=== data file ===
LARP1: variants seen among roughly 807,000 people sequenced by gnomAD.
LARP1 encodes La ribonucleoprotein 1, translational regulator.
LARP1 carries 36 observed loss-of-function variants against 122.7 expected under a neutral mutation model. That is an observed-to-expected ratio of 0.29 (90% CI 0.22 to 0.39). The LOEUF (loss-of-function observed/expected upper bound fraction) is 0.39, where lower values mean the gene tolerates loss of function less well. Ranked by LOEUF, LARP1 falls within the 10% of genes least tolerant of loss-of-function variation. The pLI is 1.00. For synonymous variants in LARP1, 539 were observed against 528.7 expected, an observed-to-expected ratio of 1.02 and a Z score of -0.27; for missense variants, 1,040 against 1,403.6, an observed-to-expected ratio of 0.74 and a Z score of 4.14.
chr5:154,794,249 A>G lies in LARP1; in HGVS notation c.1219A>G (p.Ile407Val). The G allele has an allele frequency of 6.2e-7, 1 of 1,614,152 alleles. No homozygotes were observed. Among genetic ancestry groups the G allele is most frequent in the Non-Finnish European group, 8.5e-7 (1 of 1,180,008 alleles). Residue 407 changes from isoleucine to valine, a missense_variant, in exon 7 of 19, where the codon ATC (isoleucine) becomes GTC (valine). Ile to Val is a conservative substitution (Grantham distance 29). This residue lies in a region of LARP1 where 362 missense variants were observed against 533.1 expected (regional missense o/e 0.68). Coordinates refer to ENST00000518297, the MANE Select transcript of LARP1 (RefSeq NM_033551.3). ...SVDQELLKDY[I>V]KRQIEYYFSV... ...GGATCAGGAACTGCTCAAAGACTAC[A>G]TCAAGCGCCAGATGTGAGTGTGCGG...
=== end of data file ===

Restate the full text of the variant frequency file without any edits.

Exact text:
LARP1: variants seen among roughly 807,000 people sequenced by gnomAD.
LARP1 encodes La ribonucleoprotein 1, translational regulator.
LARP1 carries 36 observed loss-of-function variants against 122.7 expected under a neutral mutation model. That is an observed-to-expected ratio of 0.29 (90% CI 0.22 to 0.39). The LOEUF (loss-of-function observed/expected upper bound fraction) is 0.39, where lower values mean the gene tolerates loss of function less well. Ranked by LOEUF, LARP1 falls within the 10% of genes least tolerant of loss-of-function variation. The pLI is 1.00. For synonymous variants in LARP1, 539 were observed against 528.7 expected, an observed-to-expected ratio of 1.02 and a Z score of -0.27; for missense variants, 1,040 against 1,403.6, an observed-to-expected ratio of 0.74 and a Z score of 4.14.
chr5:154,794,249 A>G lies in LARP1; in HGVS notation c.1219A>G (p.Ile407Val). The G allele has an allele frequency of 6.2e-7, 1 of 1,614,152 alleles. No homozygotes were observed. Among genetic ancestry groups the G allele is most frequent in the Non-Finnish European group, 8.5e-7 (1 of 1,180,008 alleles). Residue 407 changes from isoleucine to valine, a missense_variant, in exon 7 of 19, where the codon ATC (isoleucine) becomes GTC (valine). Ile to Val is a conservative substitution (Grantham distance 29). This residue lies in a region of LARP1 where 362 missense variants were observed against 533.1 expected (regional missense o/e 0.68). Coordinates refer to ENST00000518297, the MANE Select transcript of LARP1 (RefSeq NM_033551.3). ...SVDQELLKDY[I>V]KRQIEYYFSV... ...GGATCAGGAACTGCTCAAAGACTAC[A>G]TCAAGCGCCAGATGTGAGTGTGCGG...